A mixed method of purposeful sampling and saturation sampling principles was used. To achieve greater variation of themes and motives, we recruited subjects from both general treatment settings and from units specializing in the treatment of substance- use disorders. The sample was also selected to provide diversity in relation to: (1) comorbidity and past clinical experience, (2) duration of high-dose-benzodiazpine use, (3) gender (m/f), (3) age and (4) occupational status. Recruitment of participants continued until saturation of data was reached. In total sixty particpants were contacted. Forty-one agreed to participate. Obstacles to study participation were seldom addressed by potential participants. Fourteen participants left the impression of being too ashamed to talk about the subject. Only in two instances did participants decline to participate because they perceived the amount of compensation (approximately the equivalent of USD 5) as inadequate. In three cases, potential participants agreed to be interviewed, but withdrew their consent during the interview – naming a lack of interest in the research topic.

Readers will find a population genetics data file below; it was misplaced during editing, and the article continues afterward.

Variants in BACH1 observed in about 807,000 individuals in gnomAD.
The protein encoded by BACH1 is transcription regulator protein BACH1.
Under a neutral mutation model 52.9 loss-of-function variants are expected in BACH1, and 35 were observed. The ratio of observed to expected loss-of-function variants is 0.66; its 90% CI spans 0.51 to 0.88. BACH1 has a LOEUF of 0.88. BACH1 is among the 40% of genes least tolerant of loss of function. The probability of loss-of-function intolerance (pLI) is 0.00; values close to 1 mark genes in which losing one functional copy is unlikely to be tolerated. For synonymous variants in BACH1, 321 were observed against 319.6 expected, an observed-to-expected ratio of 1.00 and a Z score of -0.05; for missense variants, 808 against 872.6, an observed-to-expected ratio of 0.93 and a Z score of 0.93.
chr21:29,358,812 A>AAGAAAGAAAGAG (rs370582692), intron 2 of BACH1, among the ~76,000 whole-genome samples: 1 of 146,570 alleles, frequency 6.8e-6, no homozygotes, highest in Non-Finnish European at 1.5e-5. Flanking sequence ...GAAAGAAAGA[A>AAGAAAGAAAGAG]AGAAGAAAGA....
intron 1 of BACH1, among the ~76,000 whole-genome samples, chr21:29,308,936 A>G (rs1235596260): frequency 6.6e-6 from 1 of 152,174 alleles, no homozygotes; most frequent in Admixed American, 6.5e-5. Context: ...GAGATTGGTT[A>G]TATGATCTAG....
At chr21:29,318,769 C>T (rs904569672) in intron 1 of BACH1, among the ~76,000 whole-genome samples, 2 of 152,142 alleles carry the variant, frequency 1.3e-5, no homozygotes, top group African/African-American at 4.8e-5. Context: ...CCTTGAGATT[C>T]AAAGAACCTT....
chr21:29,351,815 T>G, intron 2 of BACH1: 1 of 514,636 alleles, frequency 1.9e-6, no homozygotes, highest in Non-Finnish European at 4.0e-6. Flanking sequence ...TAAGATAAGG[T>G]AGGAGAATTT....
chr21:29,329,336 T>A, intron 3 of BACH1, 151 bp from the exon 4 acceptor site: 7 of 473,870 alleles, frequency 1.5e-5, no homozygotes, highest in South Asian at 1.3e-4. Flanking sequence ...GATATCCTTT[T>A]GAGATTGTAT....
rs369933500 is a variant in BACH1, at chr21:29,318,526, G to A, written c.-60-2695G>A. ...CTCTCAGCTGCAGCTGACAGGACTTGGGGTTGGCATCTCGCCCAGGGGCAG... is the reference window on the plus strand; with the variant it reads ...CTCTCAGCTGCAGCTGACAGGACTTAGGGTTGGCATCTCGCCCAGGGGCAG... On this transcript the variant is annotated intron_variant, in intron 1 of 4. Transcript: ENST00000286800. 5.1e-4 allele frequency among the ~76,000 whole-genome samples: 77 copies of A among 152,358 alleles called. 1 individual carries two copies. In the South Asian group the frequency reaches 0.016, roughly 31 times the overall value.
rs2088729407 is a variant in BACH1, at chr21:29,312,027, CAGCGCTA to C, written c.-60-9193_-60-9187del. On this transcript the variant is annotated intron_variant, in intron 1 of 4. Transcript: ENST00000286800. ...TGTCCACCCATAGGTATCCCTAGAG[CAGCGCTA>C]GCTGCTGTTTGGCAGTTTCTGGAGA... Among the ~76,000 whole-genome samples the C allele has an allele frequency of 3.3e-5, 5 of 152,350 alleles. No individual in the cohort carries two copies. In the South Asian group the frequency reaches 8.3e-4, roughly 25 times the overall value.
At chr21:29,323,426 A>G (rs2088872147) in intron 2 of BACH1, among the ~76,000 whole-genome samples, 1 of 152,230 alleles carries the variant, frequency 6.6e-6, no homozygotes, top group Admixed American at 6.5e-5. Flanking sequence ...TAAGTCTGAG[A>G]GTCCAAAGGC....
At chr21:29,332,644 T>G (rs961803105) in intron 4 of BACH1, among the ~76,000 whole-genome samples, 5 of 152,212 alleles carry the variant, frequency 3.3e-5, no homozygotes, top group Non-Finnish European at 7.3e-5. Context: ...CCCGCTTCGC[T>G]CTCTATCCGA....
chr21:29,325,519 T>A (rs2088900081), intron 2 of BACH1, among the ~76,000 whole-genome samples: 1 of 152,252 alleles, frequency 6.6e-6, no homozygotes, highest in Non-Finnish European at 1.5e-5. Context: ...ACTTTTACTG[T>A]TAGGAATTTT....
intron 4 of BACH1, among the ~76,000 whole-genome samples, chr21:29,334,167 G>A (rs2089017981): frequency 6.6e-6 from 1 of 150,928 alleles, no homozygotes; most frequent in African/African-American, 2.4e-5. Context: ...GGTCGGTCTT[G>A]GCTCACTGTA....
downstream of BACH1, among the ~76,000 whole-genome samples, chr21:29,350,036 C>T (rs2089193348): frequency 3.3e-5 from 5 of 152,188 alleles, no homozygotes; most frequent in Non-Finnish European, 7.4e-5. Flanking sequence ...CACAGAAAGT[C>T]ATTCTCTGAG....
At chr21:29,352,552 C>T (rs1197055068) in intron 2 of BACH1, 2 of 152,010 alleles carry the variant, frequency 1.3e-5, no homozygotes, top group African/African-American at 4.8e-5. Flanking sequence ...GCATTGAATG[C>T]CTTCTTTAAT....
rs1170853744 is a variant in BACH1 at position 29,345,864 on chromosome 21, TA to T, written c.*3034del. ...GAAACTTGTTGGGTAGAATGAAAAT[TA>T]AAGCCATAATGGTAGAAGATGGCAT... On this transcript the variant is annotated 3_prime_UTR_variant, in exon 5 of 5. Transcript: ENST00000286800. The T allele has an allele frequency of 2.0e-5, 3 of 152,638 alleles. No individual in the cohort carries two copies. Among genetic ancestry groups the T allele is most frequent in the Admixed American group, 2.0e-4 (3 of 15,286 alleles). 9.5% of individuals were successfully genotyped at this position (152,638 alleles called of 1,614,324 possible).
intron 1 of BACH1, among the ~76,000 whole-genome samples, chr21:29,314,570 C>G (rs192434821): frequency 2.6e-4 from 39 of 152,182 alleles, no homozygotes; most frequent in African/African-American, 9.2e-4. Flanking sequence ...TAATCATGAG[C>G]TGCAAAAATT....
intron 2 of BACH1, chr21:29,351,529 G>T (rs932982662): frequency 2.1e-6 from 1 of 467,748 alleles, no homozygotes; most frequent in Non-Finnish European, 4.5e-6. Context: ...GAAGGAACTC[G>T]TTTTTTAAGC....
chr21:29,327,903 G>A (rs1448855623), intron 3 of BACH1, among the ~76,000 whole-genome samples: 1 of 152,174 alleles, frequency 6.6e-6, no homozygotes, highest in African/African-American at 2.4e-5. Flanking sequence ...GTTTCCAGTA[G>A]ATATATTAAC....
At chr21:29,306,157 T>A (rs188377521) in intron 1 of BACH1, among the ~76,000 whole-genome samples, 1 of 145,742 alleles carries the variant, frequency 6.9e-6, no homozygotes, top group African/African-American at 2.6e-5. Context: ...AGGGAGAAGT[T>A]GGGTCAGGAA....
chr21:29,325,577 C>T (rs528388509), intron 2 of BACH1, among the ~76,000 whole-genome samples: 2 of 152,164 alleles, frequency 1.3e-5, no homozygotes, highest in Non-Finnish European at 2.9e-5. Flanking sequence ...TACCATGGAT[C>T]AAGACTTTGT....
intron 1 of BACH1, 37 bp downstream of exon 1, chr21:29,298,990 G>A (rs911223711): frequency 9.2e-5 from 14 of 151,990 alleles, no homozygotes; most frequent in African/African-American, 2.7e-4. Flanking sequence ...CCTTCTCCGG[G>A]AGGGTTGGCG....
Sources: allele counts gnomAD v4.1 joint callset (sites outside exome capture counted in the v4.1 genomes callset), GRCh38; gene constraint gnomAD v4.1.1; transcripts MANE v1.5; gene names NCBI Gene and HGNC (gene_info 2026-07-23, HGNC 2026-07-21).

In accordance with recommended principles of conducting qualitative research, the interview began with narrative opening questions; however, a self-developed topic guide (vide infra) provided a flexible interview framework to explore beliefs that were not spontaneously covered in participants’ initial narrative. Special care was given to ask open-ended and neutrally worded questions to avoid eliciting socially desirable responses. In addition, appropriate nonjudgmental and non-leading probes were used to explore perceptions that were raised spontaneously by in patients’ initial narratives. We allowed the themes and motives identified in earlier interviews to be explored in the ones that followed, and combined the principles of maximum variation and complexity reduction to simultaneously widen the scope of results and examine previous assumptions.